older countries, there is unfortunately a class which
disregards the evil consequences of crime. Foolish,
inconsiderate, ill-conducted, and unprincipled youths
unfortunately abound, and unless they are made to
consider the consequences of crime, they are led
to imitate notorious felons whom they regard as self-made
heroes. It is right, therefore, that they should
be asked to consider and reflect upon what the life
of a felon is. A felon who has cut himself off from
all, and who declines all the affections, charities,
and all the obligations of society, is as helpless
and as degraded as a wild beast of the field; he
has nowhere to lay his head; he has no one to prepare
for him the comforts of life; he suspects his friends,
and he dreads his enemies. He is in constant alarm
lest his pursuers should reach him, and his only
hope is that he might lose his life in what he considers
a glorious struggle for existence. That is the life
of an outlaw or felon, and it would be well for those
young men who are so foolish as to consider that
it is brave of a man to sacrifice the lives of his
fellow creatures in carrying out his own wild ideas,
to see that it is a life to be avoided by every possible
means, and to reflect that the unfortunate termination
of the felon's life is a miserable death. New South
Wales joined with Victoria is providing ample inducement
to persons to assist in having you and your companions
apprehended; but by some spell, which I cannot understand
-- a spell which exists in all lawless communities
more or less, and which may be attributed either
to a sympathy for the outlaws, or a dread of the
consequences which would result from the performance
of their duty -- no persons were found who would
be tempted by the reward or love of country, or the
love of order, to give you up. The love of obedience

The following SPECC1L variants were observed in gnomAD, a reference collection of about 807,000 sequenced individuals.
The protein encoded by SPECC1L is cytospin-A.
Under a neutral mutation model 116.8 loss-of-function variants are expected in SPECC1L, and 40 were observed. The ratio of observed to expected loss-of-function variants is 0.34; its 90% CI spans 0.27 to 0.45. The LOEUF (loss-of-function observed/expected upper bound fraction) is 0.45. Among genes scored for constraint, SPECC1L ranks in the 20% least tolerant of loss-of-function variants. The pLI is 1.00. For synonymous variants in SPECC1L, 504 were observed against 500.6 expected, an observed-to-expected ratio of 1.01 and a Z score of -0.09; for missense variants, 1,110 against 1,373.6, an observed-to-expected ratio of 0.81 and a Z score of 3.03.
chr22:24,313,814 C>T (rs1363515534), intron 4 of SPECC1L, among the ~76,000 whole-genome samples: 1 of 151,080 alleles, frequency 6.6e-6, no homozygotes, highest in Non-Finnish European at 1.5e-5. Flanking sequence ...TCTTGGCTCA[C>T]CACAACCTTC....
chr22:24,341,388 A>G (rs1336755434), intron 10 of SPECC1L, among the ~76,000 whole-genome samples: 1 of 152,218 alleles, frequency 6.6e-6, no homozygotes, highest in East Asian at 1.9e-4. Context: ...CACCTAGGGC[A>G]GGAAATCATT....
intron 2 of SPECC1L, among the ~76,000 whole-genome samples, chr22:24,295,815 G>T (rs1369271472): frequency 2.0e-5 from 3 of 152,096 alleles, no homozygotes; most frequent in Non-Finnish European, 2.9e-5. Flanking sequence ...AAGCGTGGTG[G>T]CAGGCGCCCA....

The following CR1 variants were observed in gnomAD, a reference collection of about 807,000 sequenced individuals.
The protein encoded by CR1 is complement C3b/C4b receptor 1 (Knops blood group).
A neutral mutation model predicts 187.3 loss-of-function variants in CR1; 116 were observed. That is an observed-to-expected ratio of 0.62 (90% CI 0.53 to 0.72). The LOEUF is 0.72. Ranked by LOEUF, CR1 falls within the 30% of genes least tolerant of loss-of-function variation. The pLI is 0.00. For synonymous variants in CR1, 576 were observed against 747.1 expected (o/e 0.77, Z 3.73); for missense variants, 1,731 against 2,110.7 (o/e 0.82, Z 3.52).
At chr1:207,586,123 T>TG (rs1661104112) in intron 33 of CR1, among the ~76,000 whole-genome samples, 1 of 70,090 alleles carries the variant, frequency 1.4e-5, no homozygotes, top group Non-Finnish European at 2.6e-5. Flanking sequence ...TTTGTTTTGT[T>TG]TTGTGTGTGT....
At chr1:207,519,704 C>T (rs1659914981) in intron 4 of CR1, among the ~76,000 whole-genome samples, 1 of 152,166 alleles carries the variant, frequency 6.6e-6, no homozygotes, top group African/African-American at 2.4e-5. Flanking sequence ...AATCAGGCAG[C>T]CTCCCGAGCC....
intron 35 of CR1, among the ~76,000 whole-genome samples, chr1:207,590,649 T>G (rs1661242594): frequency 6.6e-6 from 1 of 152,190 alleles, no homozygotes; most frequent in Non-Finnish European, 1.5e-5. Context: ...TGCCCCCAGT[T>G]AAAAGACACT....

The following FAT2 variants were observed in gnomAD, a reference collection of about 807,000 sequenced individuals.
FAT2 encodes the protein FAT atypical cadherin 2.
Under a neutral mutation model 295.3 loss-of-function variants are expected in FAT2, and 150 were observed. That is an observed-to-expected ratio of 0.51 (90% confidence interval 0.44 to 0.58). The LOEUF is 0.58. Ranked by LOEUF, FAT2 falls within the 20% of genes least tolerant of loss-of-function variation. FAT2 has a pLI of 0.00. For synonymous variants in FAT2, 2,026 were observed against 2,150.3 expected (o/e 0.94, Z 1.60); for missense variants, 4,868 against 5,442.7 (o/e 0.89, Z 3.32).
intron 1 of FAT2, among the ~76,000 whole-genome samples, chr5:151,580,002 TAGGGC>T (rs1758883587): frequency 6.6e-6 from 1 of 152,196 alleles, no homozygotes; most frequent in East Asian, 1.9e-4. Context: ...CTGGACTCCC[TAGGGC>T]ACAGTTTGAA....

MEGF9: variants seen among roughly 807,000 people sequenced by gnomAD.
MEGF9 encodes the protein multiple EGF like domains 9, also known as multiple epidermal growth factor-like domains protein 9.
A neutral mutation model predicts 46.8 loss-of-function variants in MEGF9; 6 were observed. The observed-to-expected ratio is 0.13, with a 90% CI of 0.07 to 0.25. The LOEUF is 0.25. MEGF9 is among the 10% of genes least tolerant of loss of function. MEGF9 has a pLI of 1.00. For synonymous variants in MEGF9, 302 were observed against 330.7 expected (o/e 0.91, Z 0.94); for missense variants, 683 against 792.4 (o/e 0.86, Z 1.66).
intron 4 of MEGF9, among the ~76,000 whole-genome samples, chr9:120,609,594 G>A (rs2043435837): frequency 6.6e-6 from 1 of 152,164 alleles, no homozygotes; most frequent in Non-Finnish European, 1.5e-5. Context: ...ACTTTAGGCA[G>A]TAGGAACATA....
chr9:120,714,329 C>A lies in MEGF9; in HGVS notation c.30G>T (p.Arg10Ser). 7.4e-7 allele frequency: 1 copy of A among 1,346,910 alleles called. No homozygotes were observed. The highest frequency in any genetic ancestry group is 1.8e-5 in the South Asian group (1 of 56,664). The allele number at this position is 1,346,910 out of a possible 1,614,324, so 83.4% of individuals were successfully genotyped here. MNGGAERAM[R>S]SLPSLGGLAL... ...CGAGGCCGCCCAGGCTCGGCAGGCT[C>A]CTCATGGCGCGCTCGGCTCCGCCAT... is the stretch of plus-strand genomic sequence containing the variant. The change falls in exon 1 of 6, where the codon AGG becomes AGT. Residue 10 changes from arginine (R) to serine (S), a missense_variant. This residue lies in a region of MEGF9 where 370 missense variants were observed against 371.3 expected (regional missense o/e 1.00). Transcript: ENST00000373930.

to the law has been set aside, for reasons difficult
to explain, and there is something extremely wrong
in a country where a lawless band of men are able
to live for eighteen months, disturbing society.
During your short life you have stolen according
to your own statements over 200 horses.
The prisoner: Who
Honour: More than one witness has testified
that you made that statement on several occasions.
The prisoner: That
charge has never been proved against me, and
it is held in English law that a man is innocent
until proven guilty.
Honour: You are self-accused. The statement
was made voluntarily by yourself that you and your
companions committed attacks on two banks, and appropriated
therefrom large sums of money amounting to several
thousands of pounds. Further, I cannot conceal from
myself the fact that an expenditure of 50,000 pounds
has been rendered necessary in consequence of acts
with which you and your party have been connected.
We have had samples of felons, all of whom have come
to ignominious deaths. Still the effect expected
from their punishment has not been produced. This
is much to be deplored. When such examples as those
are so often repeated society must be reorganised,
or it must soon be seriously affected. Your unfortunate
and miserable companions have died a death which
probably you might rather envy, but you are not offered
Honour then sentenced the prisoner to death in the
usual form, ending with the words, May the
Lord have mercy on your soul.
The prisoner: I
will go a little further than that, and say I will
see you there when I go.